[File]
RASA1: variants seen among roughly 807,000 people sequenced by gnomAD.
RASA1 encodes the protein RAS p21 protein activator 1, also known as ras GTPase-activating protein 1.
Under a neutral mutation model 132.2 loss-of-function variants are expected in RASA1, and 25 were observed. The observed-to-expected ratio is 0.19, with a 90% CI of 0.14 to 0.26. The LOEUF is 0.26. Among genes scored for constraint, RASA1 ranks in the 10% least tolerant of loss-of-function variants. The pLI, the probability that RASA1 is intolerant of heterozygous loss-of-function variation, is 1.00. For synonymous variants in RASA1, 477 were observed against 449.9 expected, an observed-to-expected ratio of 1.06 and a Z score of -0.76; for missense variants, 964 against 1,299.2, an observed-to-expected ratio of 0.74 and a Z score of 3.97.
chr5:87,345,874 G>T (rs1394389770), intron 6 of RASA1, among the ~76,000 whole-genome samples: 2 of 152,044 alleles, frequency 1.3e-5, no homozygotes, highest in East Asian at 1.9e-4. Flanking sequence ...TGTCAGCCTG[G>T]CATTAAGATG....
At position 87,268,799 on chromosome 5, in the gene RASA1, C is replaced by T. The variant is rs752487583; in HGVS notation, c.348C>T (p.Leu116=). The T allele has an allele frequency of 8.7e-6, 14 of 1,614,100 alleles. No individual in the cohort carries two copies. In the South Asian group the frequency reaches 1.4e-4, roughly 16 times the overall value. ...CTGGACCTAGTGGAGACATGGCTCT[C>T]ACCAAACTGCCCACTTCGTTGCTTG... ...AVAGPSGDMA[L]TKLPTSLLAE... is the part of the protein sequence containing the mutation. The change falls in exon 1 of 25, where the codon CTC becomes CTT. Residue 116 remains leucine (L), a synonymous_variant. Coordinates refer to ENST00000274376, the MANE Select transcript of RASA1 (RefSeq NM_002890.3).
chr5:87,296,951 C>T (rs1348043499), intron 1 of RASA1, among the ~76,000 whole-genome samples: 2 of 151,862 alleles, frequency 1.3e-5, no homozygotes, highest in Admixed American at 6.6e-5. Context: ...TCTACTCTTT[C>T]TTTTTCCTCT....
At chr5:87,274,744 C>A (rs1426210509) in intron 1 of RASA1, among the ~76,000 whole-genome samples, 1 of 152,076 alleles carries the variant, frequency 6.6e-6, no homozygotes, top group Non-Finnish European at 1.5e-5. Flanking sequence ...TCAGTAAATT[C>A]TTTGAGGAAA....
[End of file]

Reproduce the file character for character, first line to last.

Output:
RASA1: variants seen among roughly 807,000 people sequenced by gnomAD.
RASA1 encodes the protein RAS p21 protein activator 1, also known as ras GTPase-activating protein 1.
Under a neutral mutation model 132.2 loss-of-function variants are expected in RASA1, and 25 were observed. The observed-to-expected ratio is 0.19, with a 90% CI of 0.14 to 0.26. The LOEUF is 0.26. Among genes scored for constraint, RASA1 ranks in the 10% least tolerant of loss-of-function variants. The pLI, the probability that RASA1 is intolerant of heterozygous loss-of-function variation, is 1.00. For synonymous variants in RASA1, 477 were observed against 449.9 expected, an observed-to-expected ratio of 1.06 and a Z score of -0.76; for missense variants, 964 against 1,299.2, an observed-to-expected ratio of 0.74 and a Z score of 3.97.
chr5:87,345,874 G>T (rs1394389770), intron 6 of RASA1, among the ~76,000 whole-genome samples: 2 of 152,044 alleles, frequency 1.3e-5, no homozygotes, highest in East Asian at 1.9e-4. Flanking sequence ...TGTCAGCCTG[G>T]CATTAAGATG....
At position 87,268,799 on chromosome 5, in the gene RASA1, C is replaced by T. The variant is rs752487583; in HGVS notation, c.348C>T (p.Leu116=). The T allele has an allele frequency of 8.7e-6, 14 of 1,614,100 alleles. No individual in the cohort carries two copies. In the South Asian group the frequency reaches 1.4e-4, roughly 16 times the overall value. ...CTGGACCTAGTGGAGACATGGCTCT[C>T]ACCAAACTGCCCACTTCGTTGCTTG... ...AVAGPSGDMA[L]TKLPTSLLAE... is the part of the protein sequence containing the mutation. The change falls in exon 1 of 25, where the codon CTC becomes CTT. Residue 116 remains leucine (L), a synonymous_variant. Coordinates refer to ENST00000274376, the MANE Select transcript of RASA1 (RefSeq NM_002890.3).
chr5:87,296,951 C>T (rs1348043499), intron 1 of RASA1, among the ~76,000 whole-genome samples: 2 of 151,862 alleles, frequency 1.3e-5, no homozygotes, highest in Admixed American at 6.6e-5. Context: ...TCTACTCTTT[C>T]TTTTTCCTCT....
At chr5:87,274,744 C>A (rs1426210509) in intron 1 of RASA1, among the ~76,000 whole-genome samples, 1 of 152,076 alleles carries the variant, frequency 6.6e-6, no homozygotes, top group Non-Finnish European at 1.5e-5. Flanking sequence ...TCAGTAAATT[C>A]TTTGAGGAAA....